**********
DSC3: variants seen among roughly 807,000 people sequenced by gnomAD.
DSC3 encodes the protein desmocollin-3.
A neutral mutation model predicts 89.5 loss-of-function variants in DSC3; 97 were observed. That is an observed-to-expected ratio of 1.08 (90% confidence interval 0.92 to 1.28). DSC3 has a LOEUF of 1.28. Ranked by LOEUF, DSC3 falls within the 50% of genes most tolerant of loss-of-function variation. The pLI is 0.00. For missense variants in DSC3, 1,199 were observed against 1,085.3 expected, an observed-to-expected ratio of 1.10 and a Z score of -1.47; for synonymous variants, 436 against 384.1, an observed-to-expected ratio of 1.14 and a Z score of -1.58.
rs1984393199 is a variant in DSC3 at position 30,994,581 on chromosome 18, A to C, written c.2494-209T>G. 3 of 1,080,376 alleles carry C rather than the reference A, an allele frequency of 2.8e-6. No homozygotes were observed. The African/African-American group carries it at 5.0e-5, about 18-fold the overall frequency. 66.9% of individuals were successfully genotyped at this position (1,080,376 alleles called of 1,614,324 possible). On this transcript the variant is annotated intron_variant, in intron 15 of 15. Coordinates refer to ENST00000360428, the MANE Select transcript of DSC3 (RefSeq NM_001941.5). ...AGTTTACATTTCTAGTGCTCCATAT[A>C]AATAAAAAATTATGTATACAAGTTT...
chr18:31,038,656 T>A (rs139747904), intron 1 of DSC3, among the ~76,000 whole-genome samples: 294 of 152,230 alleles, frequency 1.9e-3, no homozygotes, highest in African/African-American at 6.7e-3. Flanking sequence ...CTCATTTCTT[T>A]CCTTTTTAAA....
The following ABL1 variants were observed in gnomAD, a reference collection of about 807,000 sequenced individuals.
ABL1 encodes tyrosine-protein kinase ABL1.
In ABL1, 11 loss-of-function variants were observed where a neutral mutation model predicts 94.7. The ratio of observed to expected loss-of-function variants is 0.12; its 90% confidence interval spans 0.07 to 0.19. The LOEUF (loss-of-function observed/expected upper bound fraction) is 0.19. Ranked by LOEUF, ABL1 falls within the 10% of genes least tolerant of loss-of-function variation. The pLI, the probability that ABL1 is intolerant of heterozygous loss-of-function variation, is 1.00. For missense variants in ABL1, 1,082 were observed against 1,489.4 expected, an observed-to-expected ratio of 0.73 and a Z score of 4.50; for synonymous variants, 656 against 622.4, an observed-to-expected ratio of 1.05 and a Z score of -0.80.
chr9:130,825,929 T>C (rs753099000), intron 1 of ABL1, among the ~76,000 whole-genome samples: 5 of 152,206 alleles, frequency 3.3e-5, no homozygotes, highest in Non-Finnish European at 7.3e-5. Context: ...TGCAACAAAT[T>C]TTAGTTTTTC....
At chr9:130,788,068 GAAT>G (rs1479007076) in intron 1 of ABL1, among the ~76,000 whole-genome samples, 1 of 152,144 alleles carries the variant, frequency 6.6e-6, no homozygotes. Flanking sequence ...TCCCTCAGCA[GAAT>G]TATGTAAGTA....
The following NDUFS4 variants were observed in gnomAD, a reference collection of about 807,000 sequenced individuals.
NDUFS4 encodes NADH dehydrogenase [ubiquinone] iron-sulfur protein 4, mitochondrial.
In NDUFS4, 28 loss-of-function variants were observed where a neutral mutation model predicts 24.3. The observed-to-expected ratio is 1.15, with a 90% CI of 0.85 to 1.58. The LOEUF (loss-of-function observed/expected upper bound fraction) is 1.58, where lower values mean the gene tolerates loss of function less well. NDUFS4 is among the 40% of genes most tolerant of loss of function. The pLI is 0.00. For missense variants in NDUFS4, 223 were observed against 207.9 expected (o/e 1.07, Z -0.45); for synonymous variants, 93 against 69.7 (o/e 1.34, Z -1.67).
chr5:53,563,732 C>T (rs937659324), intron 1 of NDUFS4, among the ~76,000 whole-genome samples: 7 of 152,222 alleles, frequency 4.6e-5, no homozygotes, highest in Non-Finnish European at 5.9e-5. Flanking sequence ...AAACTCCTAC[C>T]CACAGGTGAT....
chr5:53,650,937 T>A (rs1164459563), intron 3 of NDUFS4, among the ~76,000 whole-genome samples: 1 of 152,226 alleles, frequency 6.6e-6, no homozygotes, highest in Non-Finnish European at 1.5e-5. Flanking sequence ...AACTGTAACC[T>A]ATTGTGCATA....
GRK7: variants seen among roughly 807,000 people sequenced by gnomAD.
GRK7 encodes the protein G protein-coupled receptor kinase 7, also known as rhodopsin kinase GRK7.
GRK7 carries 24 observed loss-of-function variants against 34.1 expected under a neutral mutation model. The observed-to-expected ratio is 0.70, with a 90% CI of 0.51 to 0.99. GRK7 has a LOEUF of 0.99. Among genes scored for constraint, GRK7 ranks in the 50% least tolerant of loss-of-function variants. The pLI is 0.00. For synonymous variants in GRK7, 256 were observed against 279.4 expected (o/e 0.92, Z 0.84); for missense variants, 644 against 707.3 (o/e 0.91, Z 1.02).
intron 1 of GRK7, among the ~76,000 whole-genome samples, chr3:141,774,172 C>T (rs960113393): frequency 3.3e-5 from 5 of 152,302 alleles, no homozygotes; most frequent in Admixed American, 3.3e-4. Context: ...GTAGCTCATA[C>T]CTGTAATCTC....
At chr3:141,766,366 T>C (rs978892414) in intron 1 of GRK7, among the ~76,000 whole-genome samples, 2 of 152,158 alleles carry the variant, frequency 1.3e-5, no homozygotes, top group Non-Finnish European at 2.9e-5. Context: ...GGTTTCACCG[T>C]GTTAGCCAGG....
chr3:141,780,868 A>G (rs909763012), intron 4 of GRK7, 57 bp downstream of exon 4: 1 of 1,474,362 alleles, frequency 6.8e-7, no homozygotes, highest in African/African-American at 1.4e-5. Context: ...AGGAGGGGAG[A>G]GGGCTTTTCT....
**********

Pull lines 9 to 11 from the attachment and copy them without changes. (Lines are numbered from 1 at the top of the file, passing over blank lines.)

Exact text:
chr9:130,825,929 T>C (rs753099000), intron 1 of ABL1, among the ~76,000 whole-genome samples: 5 of 152,206 alleles, frequency 3.3e-5, no homozygotes, highest in Non-Finnish European at 7.3e-5. Context: ...TGCAACAAAT[T>C]TTAGTTTTTC....
At chr9:130,788,068 GAAT>G (rs1479007076) in intron 1 of ABL1, among the ~76,000 whole-genome samples, 1 of 152,144 alleles carries the variant, frequency 6.6e-6, no homozygotes. Flanking sequence ...TCCCTCAGCA[GAAT>G]TATGTAAGTA....
The following NDUFS4 variants were observed in gnomAD, a reference collection of about 807,000 sequenced individuals.